Maria Godoy

Maria Godoy is a senior editor with NPR's Science Desk and the host of NPR's food blog, The Salt. Maria covers the food beat with a wide lens, investigating everything from the health effects of caffeine to how our diets define our cultural and personal identities.

With her colleagues on the food team, Maria won the 2012 James Beard Award for best food blog. The Salt was also awarded first place in the blog category from the Association of Food Journalists in 2013, and it won a Gracie Award for Outstanding Blog from the Alliance for Women in Media Foundation in 2013.

Previously, Maria oversaw political, national, and business coverage for NPR.org. Her work as part of NPR's reporting teams has been recognized with several awards, including two prestigious Alfred I. DuPont-Columbia University Silver Batons: one for coverage of the role of race in the 2008 presidential election, and another for a series about the sexual abuse of Native American women. The latter series was also awarded the Columbia Journalism School's Dart Award for excellence in reporting on trauma, and a Gracie Award.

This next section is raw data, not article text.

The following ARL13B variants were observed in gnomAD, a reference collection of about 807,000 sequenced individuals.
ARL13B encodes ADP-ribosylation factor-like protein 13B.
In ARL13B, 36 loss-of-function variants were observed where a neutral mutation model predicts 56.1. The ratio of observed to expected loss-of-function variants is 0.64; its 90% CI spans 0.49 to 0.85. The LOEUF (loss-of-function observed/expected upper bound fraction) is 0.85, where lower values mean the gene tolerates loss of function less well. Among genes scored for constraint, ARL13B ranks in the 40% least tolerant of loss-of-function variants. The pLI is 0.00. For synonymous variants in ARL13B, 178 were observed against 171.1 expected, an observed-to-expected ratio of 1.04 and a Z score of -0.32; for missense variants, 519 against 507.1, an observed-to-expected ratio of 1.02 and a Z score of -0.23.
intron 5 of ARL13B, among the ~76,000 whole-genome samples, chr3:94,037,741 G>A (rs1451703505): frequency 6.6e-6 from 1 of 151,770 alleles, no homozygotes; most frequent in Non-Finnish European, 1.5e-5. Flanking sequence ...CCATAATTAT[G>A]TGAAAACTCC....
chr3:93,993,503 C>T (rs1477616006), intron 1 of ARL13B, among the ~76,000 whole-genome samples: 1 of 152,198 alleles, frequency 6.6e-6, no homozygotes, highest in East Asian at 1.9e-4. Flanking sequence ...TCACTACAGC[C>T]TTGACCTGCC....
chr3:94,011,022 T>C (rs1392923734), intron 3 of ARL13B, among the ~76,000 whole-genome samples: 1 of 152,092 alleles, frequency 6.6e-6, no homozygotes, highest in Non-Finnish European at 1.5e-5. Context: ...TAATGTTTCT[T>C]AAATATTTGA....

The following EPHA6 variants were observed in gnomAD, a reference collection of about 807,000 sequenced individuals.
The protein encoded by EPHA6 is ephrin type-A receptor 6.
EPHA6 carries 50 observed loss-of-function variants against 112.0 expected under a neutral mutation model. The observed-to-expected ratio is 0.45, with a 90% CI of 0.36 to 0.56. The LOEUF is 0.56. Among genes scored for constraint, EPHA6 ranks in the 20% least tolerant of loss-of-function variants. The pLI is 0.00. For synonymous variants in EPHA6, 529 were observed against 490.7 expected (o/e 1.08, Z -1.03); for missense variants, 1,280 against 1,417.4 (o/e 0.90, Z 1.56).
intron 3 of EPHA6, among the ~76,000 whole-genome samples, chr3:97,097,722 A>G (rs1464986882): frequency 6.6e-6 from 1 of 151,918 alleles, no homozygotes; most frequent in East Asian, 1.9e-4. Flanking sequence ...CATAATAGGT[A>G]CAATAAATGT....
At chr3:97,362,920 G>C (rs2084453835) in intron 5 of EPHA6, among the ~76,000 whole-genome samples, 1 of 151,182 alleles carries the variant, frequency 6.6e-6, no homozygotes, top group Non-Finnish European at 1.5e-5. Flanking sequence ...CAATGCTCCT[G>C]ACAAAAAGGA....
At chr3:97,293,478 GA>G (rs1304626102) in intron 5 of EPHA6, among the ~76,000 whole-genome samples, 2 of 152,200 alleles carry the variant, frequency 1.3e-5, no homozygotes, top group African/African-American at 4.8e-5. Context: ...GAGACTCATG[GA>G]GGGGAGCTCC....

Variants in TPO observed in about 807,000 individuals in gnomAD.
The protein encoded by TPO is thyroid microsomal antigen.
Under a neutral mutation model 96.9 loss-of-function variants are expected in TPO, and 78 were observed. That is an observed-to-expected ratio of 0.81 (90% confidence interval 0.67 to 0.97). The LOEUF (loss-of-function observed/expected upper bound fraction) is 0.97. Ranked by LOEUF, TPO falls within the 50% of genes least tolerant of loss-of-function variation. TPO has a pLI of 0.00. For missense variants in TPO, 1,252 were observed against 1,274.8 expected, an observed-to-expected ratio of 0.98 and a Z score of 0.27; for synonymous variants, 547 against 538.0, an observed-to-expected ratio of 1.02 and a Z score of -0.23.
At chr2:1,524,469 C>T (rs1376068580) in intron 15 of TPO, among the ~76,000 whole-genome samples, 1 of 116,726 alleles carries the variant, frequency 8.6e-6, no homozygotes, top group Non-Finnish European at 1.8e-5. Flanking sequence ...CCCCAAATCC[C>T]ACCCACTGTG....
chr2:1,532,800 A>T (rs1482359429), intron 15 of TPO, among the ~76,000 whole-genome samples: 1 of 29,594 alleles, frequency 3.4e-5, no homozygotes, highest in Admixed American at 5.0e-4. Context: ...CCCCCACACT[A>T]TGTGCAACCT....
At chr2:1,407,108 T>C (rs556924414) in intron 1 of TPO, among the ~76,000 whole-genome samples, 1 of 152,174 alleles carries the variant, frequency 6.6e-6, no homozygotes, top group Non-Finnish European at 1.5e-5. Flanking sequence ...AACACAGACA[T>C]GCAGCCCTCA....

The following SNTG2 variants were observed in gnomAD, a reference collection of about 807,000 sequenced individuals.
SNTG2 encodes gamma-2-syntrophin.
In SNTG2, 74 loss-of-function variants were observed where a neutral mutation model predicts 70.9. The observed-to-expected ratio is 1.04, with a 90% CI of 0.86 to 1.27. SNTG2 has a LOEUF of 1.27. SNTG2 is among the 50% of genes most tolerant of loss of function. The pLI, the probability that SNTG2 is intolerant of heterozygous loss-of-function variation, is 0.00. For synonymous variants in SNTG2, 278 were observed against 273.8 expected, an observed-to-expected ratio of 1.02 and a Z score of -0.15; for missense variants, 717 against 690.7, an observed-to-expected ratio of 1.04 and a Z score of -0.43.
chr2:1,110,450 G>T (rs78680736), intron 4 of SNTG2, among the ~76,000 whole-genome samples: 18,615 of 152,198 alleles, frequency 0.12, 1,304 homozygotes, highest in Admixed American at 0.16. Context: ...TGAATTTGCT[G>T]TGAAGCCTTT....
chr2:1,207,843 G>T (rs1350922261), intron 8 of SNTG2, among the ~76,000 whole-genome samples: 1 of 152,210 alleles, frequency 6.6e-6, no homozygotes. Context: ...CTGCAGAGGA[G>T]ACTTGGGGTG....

In 2010, Maria and her colleagues were awarded a Gracie Award for her work on a series exploring the science of spirituality. She was also part of a team that won the 2007 Nancy Dickerson Whitehead Award for Excellence in Reporting on Drug and Alcohol Issues.

Maria was a 2008 Ethics fellow at the Poynter Institute. She joined NPR in 2003 as a digital news editor.

Born in Guatemala, Maria now lives in the suburbs of Washington, D.C., with her husband, two kids, and two fat and happy cats. She's a sucker for puns (and has won a couple of awards for her punning headlines).